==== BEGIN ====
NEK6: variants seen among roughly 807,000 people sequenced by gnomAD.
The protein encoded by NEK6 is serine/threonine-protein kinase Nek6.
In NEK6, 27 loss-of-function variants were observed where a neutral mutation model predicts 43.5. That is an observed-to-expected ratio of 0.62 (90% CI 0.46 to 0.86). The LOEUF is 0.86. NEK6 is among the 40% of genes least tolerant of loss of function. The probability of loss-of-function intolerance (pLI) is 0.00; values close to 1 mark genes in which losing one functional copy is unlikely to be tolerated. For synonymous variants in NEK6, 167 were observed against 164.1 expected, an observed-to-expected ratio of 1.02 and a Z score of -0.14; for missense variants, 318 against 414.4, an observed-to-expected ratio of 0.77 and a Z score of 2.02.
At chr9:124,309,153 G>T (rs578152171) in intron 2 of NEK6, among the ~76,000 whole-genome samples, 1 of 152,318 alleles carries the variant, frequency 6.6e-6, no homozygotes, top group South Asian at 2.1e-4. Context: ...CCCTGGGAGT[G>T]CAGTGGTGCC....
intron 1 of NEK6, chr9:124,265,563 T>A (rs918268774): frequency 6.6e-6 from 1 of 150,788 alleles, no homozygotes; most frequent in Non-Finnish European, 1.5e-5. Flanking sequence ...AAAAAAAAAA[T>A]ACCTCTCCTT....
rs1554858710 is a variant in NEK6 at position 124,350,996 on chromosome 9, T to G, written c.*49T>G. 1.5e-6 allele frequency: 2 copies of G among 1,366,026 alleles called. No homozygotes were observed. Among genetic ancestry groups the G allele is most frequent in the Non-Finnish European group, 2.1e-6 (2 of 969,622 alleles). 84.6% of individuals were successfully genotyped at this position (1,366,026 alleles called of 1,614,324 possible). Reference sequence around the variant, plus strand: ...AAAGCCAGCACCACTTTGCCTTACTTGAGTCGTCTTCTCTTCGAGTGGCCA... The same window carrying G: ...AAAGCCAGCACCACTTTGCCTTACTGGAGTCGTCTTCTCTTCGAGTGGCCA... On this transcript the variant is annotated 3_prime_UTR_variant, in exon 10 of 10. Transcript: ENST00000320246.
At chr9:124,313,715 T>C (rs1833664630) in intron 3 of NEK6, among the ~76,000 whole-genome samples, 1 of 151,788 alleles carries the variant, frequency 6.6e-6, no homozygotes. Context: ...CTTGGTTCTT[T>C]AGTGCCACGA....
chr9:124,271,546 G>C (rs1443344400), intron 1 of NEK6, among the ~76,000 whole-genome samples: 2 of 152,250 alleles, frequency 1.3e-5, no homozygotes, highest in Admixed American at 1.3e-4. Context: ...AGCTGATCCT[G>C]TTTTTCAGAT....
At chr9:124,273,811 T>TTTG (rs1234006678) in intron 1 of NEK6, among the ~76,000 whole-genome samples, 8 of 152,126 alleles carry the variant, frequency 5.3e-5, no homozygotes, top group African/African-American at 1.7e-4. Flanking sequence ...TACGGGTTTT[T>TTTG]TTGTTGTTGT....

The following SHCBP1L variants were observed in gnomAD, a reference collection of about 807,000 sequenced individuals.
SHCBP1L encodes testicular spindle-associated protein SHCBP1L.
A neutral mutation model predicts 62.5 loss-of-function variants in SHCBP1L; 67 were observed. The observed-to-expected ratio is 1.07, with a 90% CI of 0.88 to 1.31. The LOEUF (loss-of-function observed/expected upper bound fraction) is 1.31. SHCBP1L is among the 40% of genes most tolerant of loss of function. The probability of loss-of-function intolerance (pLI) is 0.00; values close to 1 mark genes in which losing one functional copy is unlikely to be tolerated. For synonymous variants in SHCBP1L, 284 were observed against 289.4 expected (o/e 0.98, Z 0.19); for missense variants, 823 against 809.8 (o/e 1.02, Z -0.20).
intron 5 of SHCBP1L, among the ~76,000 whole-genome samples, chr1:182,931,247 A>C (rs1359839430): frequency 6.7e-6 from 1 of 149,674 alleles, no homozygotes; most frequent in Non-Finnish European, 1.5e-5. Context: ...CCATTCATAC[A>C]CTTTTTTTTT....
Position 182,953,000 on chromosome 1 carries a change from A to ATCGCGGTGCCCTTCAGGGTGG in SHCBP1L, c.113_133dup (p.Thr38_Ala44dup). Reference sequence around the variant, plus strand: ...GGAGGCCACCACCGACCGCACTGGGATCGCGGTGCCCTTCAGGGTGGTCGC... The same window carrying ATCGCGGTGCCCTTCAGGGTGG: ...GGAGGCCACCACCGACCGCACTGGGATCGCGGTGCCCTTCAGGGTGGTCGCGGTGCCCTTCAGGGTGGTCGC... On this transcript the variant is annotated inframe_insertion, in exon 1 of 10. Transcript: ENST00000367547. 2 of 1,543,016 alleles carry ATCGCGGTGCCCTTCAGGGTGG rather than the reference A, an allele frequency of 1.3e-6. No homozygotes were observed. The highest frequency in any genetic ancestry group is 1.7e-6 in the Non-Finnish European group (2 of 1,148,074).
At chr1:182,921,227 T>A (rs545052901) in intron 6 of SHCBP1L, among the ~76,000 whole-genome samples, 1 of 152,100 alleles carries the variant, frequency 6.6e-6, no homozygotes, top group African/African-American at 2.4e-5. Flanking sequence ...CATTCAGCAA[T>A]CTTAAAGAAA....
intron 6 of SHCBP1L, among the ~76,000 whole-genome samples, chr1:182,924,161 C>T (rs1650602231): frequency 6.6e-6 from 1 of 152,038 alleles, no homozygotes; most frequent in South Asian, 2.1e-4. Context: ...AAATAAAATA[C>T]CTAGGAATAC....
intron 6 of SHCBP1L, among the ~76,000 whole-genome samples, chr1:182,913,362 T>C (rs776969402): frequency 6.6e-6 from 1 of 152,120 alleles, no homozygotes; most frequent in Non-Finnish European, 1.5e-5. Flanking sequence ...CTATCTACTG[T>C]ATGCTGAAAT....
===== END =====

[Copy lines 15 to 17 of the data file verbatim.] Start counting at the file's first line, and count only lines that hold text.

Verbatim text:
At chr1:182,921,227 T>A (rs545052901) in intron 6 of SHCBP1L, among the ~76,000 whole-genome samples, 1 of 152,100 alleles carries the variant, frequency 6.6e-6, no homozygotes, top group African/African-American at 2.4e-5. Flanking sequence ...CATTCAGCAA[T>A]CTTAAAGAAA....
intron 6 of SHCBP1L, among the ~76,000 whole-genome samples, chr1:182,924,161 C>T (rs1650602231): frequency 6.6e-6 from 1 of 152,038 alleles, no homozygotes; most frequent in South Asian, 2.1e-4. Context: ...AAATAAAATA[C>T]CTAGGAATAC....
intron 6 of SHCBP1L, among the ~76,000 whole-genome samples, chr1:182,913,362 T>C (rs776969402): frequency 6.6e-6 from 1 of 152,120 alleles, no homozygotes; most frequent in Non-Finnish European, 1.5e-5. Flanking sequence ...CTATCTACTG[T>C]ATGCTGAAAT....